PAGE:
n. The lake by which the ancients entered the infernal regions. The fact that access to the infernal regions was obtained by a lake is believed by the learned Marcus Ansello Scrutator to have suggested the Christian rite of baptism by immersion. This
BABE or BABY
n. A misshapen creature of no particular age
n. A convenient deity invented by the ancients as an excuse for getting drunk.
n. That part of your friend which it is your privilege to contemplate in your adversity.
v.t. To speak of a man as you find him when he can't find you.
n. A preparation that renders the hook more palatable. The best kind is beauty.
n. A sacred rite of such efficacy that he who finds himself in heaven without having undergone it will be unhappy forever. It is performed with water in two waysâby immersion
n. An ingenious instrument which indicates what kind of weather we are having.
n. A house in which soldiers enjoy a portion of that of which it is their business to deprive others.
n. The cockatrice. A sort of serpent hatched from the egg of a cock. The basilisk had a bad eye
n. The act of walking on wood without exertion.
n. A kind of mystic ceremony substituted for religious worship
n. A method of untying with the teeth of a political knot that would not yield to the tongue.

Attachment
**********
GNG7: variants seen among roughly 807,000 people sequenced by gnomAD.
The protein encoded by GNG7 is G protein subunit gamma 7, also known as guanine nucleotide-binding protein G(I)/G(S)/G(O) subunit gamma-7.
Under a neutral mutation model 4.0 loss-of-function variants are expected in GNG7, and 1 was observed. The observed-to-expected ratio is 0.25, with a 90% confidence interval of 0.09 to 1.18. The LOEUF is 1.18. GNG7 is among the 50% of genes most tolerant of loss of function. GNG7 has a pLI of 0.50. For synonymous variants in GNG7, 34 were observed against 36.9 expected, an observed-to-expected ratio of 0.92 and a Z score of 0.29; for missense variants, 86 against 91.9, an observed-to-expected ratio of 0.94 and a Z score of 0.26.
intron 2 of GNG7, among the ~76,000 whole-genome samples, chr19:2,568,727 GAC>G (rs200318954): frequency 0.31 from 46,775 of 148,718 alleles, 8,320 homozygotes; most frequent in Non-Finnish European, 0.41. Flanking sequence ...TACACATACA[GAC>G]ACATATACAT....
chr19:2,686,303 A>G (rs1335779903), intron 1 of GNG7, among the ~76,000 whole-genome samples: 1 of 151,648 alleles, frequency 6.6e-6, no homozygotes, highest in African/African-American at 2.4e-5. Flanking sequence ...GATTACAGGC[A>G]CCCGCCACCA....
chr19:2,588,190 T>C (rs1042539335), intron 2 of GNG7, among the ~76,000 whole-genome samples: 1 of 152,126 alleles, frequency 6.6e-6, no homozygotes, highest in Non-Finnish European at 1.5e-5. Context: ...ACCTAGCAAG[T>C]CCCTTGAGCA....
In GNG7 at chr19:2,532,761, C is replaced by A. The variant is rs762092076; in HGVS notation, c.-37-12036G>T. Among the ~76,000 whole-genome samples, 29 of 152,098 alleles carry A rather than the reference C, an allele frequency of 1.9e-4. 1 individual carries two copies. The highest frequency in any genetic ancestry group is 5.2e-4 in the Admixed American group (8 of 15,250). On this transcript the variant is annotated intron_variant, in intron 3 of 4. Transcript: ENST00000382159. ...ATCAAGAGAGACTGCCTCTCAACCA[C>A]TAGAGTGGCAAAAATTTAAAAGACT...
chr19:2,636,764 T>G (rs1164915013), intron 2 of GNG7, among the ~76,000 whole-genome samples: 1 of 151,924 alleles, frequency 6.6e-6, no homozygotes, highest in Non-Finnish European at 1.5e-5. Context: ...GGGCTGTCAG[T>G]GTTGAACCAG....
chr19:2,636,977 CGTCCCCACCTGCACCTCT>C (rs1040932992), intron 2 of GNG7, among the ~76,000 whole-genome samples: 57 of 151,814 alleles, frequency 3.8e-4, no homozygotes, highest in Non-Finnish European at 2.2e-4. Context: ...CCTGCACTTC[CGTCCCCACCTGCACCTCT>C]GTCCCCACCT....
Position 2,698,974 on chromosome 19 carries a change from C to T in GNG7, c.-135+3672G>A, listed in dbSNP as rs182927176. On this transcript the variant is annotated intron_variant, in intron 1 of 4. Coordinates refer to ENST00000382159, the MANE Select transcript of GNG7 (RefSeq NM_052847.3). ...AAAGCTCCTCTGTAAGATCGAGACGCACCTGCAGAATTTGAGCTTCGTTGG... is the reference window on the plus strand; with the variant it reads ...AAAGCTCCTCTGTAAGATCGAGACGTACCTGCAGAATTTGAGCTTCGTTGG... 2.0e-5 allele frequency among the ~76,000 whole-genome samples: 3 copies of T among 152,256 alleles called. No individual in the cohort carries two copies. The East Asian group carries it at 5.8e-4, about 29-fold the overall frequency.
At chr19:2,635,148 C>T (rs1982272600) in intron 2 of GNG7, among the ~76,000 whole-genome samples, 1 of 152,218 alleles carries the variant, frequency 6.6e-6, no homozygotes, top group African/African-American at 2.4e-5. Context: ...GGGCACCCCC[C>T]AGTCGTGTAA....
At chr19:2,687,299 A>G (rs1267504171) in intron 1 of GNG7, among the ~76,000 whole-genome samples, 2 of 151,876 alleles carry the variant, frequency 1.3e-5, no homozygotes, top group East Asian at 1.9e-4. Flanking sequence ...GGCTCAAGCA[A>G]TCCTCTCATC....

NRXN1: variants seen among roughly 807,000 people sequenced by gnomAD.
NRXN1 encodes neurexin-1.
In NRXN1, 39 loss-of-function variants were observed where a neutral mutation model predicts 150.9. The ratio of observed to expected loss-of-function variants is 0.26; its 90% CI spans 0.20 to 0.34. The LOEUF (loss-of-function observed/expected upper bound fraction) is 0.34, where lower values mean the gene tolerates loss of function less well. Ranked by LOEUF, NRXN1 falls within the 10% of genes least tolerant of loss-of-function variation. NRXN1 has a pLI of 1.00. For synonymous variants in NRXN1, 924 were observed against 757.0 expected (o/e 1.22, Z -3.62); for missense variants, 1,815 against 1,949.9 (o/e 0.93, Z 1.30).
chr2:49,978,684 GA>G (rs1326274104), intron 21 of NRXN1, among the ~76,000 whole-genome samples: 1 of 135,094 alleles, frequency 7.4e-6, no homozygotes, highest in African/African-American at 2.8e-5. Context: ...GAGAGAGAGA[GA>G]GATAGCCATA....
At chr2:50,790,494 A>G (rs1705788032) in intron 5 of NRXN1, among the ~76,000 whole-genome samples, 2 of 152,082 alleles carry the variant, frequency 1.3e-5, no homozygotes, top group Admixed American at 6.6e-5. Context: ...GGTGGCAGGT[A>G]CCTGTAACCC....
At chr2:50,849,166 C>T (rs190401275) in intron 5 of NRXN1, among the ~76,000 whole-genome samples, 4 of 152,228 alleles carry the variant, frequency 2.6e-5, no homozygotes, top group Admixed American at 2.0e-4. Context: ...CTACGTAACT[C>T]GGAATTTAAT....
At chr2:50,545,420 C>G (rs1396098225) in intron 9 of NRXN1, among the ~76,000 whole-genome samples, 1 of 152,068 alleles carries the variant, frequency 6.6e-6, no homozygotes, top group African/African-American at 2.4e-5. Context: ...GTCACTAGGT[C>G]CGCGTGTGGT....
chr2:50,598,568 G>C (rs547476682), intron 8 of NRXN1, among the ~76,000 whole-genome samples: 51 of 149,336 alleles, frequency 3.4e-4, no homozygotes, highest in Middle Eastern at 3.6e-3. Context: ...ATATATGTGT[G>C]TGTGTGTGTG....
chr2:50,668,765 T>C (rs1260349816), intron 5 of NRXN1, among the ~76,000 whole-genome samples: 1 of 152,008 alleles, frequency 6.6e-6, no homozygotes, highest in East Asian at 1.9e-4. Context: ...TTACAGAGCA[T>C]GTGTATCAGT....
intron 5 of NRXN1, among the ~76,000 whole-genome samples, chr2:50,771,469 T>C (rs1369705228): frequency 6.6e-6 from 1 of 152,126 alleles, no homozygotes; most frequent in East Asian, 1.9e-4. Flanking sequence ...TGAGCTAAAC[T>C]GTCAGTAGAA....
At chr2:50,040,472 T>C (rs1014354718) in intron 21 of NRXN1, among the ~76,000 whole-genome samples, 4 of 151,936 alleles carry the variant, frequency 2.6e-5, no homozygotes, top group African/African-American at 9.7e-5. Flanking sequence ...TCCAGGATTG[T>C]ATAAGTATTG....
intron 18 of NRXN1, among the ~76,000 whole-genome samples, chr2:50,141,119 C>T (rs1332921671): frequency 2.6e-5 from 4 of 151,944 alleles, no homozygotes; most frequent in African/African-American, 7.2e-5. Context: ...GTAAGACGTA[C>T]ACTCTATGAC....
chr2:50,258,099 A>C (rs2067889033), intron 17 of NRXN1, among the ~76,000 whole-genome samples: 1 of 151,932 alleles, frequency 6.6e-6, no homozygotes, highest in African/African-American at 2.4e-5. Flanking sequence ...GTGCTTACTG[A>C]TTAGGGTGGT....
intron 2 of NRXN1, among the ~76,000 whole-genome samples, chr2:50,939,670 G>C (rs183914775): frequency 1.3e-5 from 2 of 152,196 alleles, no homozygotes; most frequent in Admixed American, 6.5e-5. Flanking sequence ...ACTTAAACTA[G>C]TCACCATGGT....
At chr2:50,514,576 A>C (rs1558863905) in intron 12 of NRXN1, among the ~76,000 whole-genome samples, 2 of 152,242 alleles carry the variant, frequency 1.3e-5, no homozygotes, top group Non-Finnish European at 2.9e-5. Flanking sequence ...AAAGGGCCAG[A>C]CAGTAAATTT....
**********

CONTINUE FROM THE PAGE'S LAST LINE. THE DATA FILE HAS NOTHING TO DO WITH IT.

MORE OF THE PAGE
Be gone! Ye ill no longer stayd. Be good, be good! the sisterhood BEARD
n. The hair that is commonly cut off by those who justly execrate the absurd Chinese custom of shaving the head.
n. The power by which a woman charms a lover and terrifies a husband.
Because, 'twas answered
v.t. To make an ingrate.
v. To ask for something with an earnestness proportioned to the belief that it will not be given.
n. One who has relied on the assistance of his friends.
Begone! he shoutedâ"there's the doorâ Behold great Daubert's picture here on viewâ Behold, rash mortal, whom you've bledâ BELLADONNA
n. In Italian a beautiful lady; in English a deadly poison. A striking example of the essential identity of the two tongues.
n. An order of monks otherwise known as black friars.
n. One who makes heavy purchases of ingratitude
n. A constellation (Coma Berenices) named in honor of one who sacrificed her hair to save her husband.
n. A mistake in taste for which the wisdom of the future will adjudge a punishment called trigamy.
n. One who is obstinately and zealously attached to an opinion that you do not entertain.
n. The invective of an opponent.
Biography of Bishop Potter BIRTH
n. The first and direst of all disasters. As to the nature of it there appears to be no uniformity. Castor and Pollux were born from the egg. Pallas came out of a skull. Galatea was once a block of stone. Peresilis
Black friars in this world, fried black in the next. BLACKGUARD
n. A man whose qualities
n. Unrhymed iambic pentametersâthe most difficult kind of English verse to write acceptably; a kind
n. A robber of grave-worms. One who supplies the young physicians with that with which the old physicians have supplied the undertaker. The hyena.